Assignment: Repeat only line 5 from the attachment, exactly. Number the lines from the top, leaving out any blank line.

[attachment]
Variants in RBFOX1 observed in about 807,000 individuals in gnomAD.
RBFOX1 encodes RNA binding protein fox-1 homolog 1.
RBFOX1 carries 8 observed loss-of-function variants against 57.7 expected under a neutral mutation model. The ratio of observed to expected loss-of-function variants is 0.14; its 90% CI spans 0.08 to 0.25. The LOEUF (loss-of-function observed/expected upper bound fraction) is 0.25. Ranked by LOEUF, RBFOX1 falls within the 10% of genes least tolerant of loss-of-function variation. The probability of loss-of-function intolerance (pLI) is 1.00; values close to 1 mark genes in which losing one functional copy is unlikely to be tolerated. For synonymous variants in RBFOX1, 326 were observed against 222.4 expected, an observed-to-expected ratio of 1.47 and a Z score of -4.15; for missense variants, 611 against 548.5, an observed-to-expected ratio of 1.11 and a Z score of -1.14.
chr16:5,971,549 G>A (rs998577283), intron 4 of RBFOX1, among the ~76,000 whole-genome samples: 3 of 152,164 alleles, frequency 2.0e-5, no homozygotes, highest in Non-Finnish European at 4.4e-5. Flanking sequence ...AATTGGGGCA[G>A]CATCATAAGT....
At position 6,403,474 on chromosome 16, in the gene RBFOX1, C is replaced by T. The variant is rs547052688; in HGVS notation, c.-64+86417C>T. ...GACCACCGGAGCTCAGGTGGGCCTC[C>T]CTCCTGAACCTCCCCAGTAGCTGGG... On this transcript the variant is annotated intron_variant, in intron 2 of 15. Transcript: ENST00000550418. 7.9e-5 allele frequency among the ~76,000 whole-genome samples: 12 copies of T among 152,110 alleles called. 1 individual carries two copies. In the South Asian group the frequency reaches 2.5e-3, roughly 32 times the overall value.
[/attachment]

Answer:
At position 6,403,474 on chromosome 16, in the gene RBFOX1, C is replaced by T. The variant is rs547052688; in HGVS notation, c.-64+86417C>T. ...GACCACCGGAGCTCAGGTGGGCCTC[C>T]CTCCTGAACCTCCCCAGTAGCTGGG... On this transcript the variant is annotated intron_variant, in intron 2 of 15. Transcript: ENST00000550418. 7.9e-5 allele frequency among the ~76,000 whole-genome samples: 12 copies of T among 152,110 alleles called. 1 individual carries two copies. In the South Asian group the frequency reaches 2.5e-3, roughly 32 times the overall value.